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History of Medicine in Motion



medical negligence under the new poor law

By kim.price, on 6 April 2009


Kim Price

6 Responses to “medical negligence under the new poor law”

  • 1
    Mike Stanley-Baker wrote on 19 April 2009:

    Kim, this has great impact, and makes your social history point very well – that it is the stories of the ill themselves that should be a starting point. What fun it must have been to make! One of the most dramatic points is the contrast between text and narrative at 3:23 – the poigniancy of a mother’s affection versus official categorization, and the multiple layers of significance that wind through any historical moment.

    At 4:10 you mention “a complex mix of methodologies, historiography and comparative histories.” This piques my intellectual interest, and I would have hung on for another minute at least to hear you describe this range in more detail.

    Lovely piece!

  • 2
    Kim.Price wrote on 21 April 2009:

    Mike, thank you so much for your positive comments! I must admit that it was great fun to make – but the guilt of enjoying work so much mixed with paranoia into a terrible insecurity about this film! So your positivity is gratefully received.

    Yes, the film could do with more intellectual depth. When weighing up the 5-minute time constraint with impact or intellectual fulfillment I went for impact (and, I hoped, engagement). The perfect footage/podcast would be one that had both. I think, though, that one of the greatest attributes of film in teaching is the ways that it can be used to grab your attention – in ways that ‘old’ media can’t. It may be used to pull an otherwise reluctant (or bored) student into a direction they otherwise wouldn’t have gone. I envisaged this film’s endpoint as the leaping point for a much more intellectually focused discussion/seminar/presentation on the themes touched on within it (particularly the methodological angle you wisely raised).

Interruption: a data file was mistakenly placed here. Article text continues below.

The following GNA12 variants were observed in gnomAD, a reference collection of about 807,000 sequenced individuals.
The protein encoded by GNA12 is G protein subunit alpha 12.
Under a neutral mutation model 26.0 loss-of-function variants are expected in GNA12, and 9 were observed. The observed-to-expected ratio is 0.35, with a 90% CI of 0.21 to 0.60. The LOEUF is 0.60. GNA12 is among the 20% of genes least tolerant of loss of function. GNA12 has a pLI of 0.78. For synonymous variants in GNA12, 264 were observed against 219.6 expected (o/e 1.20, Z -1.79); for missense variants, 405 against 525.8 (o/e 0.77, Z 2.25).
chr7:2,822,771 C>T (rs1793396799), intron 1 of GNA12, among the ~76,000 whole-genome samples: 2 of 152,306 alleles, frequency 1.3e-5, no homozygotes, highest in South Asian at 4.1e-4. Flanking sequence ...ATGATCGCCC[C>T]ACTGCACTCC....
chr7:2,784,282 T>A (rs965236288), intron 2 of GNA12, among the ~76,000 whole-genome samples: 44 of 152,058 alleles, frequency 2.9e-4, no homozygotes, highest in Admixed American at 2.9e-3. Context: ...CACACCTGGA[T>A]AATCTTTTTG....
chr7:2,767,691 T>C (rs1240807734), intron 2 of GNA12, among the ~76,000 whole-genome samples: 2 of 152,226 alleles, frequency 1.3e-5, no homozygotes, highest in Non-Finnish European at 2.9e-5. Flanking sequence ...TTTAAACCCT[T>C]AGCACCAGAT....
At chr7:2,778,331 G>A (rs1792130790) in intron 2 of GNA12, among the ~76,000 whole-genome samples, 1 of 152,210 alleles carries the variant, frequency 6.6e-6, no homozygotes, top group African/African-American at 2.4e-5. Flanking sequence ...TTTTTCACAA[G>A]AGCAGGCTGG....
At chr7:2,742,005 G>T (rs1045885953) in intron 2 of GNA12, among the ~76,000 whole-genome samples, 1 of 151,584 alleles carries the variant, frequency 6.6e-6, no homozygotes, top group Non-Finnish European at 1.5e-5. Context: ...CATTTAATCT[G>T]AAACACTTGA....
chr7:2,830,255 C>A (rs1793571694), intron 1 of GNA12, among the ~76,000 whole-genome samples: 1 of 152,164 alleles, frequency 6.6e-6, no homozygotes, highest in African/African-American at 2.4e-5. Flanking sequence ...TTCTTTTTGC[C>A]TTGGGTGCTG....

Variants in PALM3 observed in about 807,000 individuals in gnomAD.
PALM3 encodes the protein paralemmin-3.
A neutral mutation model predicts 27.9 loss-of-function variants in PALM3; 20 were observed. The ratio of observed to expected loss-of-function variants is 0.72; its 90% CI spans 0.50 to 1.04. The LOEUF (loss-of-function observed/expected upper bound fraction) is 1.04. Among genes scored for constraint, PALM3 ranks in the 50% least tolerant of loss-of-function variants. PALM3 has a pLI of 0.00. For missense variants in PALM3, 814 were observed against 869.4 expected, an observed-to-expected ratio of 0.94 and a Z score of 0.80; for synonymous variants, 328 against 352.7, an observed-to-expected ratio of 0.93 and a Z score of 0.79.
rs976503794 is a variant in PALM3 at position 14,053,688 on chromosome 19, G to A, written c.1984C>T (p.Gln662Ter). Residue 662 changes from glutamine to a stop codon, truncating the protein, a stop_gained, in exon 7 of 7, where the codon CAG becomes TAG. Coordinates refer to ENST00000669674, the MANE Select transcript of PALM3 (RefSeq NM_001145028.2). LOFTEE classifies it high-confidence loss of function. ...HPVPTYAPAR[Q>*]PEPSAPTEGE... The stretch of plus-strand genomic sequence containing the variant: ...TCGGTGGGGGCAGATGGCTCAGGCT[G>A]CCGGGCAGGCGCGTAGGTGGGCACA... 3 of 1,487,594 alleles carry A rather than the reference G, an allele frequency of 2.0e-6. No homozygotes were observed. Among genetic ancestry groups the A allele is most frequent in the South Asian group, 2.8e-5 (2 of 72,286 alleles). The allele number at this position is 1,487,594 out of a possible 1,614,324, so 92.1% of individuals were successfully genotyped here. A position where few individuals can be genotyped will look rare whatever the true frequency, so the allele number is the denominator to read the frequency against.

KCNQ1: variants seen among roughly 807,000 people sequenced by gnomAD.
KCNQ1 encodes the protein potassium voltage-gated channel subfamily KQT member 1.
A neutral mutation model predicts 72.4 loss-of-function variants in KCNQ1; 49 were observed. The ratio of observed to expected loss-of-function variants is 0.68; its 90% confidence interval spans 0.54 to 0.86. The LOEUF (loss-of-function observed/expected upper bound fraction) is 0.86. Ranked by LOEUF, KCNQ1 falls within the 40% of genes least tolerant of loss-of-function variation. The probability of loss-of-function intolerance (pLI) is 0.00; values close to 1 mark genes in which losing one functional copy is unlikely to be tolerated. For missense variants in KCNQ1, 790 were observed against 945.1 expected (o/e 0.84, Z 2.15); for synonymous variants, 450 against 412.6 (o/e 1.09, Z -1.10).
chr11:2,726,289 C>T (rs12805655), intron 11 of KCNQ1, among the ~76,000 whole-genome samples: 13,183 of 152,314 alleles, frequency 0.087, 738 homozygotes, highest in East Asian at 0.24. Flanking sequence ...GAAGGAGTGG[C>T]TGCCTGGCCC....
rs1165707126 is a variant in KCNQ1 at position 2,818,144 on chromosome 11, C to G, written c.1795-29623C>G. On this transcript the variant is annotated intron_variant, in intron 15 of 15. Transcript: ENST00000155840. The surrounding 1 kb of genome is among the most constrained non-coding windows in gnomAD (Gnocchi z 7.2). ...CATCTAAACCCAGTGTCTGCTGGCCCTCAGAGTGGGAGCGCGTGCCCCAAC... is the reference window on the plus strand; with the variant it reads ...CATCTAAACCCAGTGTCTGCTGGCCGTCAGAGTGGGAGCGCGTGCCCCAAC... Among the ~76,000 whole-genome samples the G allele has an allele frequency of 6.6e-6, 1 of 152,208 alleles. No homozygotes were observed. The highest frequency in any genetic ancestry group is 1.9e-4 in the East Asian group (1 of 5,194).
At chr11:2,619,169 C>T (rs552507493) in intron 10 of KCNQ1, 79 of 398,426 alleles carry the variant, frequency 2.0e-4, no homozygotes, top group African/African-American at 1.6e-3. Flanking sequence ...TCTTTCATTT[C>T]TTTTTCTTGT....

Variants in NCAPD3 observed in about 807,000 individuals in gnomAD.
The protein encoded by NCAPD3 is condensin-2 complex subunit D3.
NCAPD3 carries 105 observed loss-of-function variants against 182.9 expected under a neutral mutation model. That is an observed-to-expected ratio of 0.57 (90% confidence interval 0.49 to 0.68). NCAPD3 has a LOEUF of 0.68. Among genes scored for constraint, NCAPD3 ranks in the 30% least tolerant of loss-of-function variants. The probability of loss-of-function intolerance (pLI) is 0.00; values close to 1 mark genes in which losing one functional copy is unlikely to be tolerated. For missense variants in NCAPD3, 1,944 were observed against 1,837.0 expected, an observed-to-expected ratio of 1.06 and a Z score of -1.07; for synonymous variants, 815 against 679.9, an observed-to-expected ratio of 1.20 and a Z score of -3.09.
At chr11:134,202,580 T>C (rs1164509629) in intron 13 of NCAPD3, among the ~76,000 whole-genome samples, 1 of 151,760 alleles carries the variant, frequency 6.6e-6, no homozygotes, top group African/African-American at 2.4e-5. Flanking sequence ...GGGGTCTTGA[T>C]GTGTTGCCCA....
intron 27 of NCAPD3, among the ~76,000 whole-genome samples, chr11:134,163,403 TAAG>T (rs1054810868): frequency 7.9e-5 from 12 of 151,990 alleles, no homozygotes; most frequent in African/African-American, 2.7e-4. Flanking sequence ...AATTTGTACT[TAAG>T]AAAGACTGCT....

While making this film, it struck me that maybe one of the greatest challenges of this workshop would be to find an engaging, stimulating and interesting way to incorporate methodologies (and historiography) into new media. I mean, making a methodological and historical approaches discussion really interesting for all, not just us obsessive historian types! It’s really quite a difficult balance and I can really sympathise with the challenges facing serious documentary makers. I think my film only chips away at this.

  • 3
    S.Kuriyama wrote on 4 May 2009:

    This historical reconstruction portion of this clip raises wonderful questions about the historian’s method. My suggestion would be to split the commentary into two, instead of leaving it all to the end. It might, that is, be useful to open by raising general questions about the aims and means of the historical analysis, and pointing to the particular example of the poor laws, accompanied by a slide or two (images from either primary documents or secondary studies, or both) representing the more conventional approach. After showing the reconstruction, the narrator could return to revisit the questions in light of what has just been seen, and leave the viewer with some explicit formulation of the provocative issues (fact, fiction, engagement) that such reconstructions suggest.

  • 4
    Carole.Reeves wrote on 14 May 2009:

    I was locked into this movie from the beginning. It opens like an inventive piece of storytelling but it soon becomes apparent that this is truly a ghastly historical reality. This is the type of movie that would do well in a museum to accompany the traditional textual information about workhouses. A couple of film maker’s observations – during the long ‘horse’ sequence, I was longing to see a cutaway of the mother’s face swaying in the carriage, and perhaps also a half-shadow shot of her son. A crack of the whip through air would have added a further dimension of cruelty. For your piece to camera, a black velvet background would have been more dramatic and disembodying than the filing cabinet and office junk. But well done – good, creative stuff.

  • 5
    Kim.Price wrote on 21 May 2009:

    Many thanks for your feedback. I’ve completely run out of time to make the changes to the film before Tuesday. However, I’m going to get this film online elsewhere, lengthen it and cut in the changes that have been suggested. After viewing some of the amazing films that have been uploaded on this site, I feel inspired to do more with this film. I agree with Carol that it may be well-suited to a museum and was bolstered to begin that process by her comments.

  • 6
    R.MacFarlane wrote on 25 May 2009:

    I too found this to be a very stimulating film, fitting some interesting material and techniques into its running time. I particularly enjoyed the visuals being a mix of colour and black and white, though I would personally have liked a pause in the narration at 3:24 when the text appeared on screen.

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